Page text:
Antisemitism conference in Germany counters rising Jew-hatredPublished on: 14.10.2021
By: Ester Heinzmann
Uniting to confront the rising antisemitism – this was the central message of a conference held in southern Germany in September which drew approximately 280 delegates from across the country. ICEJ-Germany, a key partner in the event, was represented by three speakers.
The opening address by Dr Michael Blume, Commissioner on Antisemitism for the German state of Baden-Württemberg, was followed by high-profile speakers on effective measures to counter the current rise of antisemitism. Gottfried Bühler, National Director of ICEJ-Germany, urged church leaders not to treat Israel and the Jewish people as a side issue but to regularly address it in in their teaching.
Dr Blume expressed concern that merely teaching Holocaust history in schools was not sufficient. He emphasised the particular importance of personal encounters between Jews and non-Jews. Bühler agreed and related how ICEJ-Germany regularly organises visits by Holocaust survivors to public schools which have proven to greatly impact hundreds of students involved.
Another conference speaker was Ahmed Mansour, an Israeli-born German-Arab psychologist and author. “Germany has a historical responsibility, in particular to fight antisemitism”, he said.
Holocaust survivor Ruth Rosenstock also shared her experiences during World War II. She survived the Shoah in Mikuliczyn (modern-day Ukraine). Her father and many other Jews from her village were brutally murdered by the Nazis. “I owe it to God to tell my story”, Rosenstock told a moved audience.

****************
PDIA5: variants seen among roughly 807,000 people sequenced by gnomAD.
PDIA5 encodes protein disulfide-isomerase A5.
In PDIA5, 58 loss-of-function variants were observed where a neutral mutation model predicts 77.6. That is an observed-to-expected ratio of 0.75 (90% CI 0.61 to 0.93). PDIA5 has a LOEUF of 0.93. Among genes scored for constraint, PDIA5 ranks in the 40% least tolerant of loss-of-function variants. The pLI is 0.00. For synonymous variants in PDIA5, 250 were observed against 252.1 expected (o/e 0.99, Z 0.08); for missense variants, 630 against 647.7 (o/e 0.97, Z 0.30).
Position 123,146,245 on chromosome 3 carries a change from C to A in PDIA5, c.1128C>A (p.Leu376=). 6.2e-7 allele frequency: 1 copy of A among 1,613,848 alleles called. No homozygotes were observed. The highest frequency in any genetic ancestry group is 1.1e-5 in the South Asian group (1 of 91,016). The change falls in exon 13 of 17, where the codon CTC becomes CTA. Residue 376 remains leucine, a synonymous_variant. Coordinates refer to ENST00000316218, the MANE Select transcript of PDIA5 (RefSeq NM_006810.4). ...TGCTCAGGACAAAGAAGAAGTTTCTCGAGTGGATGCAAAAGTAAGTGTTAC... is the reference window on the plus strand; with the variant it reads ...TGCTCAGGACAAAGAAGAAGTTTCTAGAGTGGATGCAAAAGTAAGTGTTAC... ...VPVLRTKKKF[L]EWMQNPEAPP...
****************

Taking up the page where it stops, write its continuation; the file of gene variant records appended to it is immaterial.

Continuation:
The delegates also discussed current developments in various seminars and workshops. In his seminar “Anti-Israelism – the new Antisemitism?” Gottfried Bühler explained that indifference towards God’s plan with Israel is one breeding ground for antisemitism. Christoph Scharnweber, Isaiah-62-Prayer-Coordinator, highlighted how politics, the media and anti-Israel boycott movements repeatedly evaluate Israel through a double standard and how Christians can counter this. Ester Heinzmann of ICEJ’s PR team elaborated on the dangerous spread of Jew-hatred on the Internet and why Christians in particular need to join the Jewish people in fighting this poison.
The one concern all the speakers unanimously emphasised was the increasing intensity of antisemitism in Germany and worldwide. More than 75 years after the Shoah, it is more important than ever for Christians and other friends of Israel to not only acknowledge this development but also stand alongside Israel and the Jewish people – in word and deed.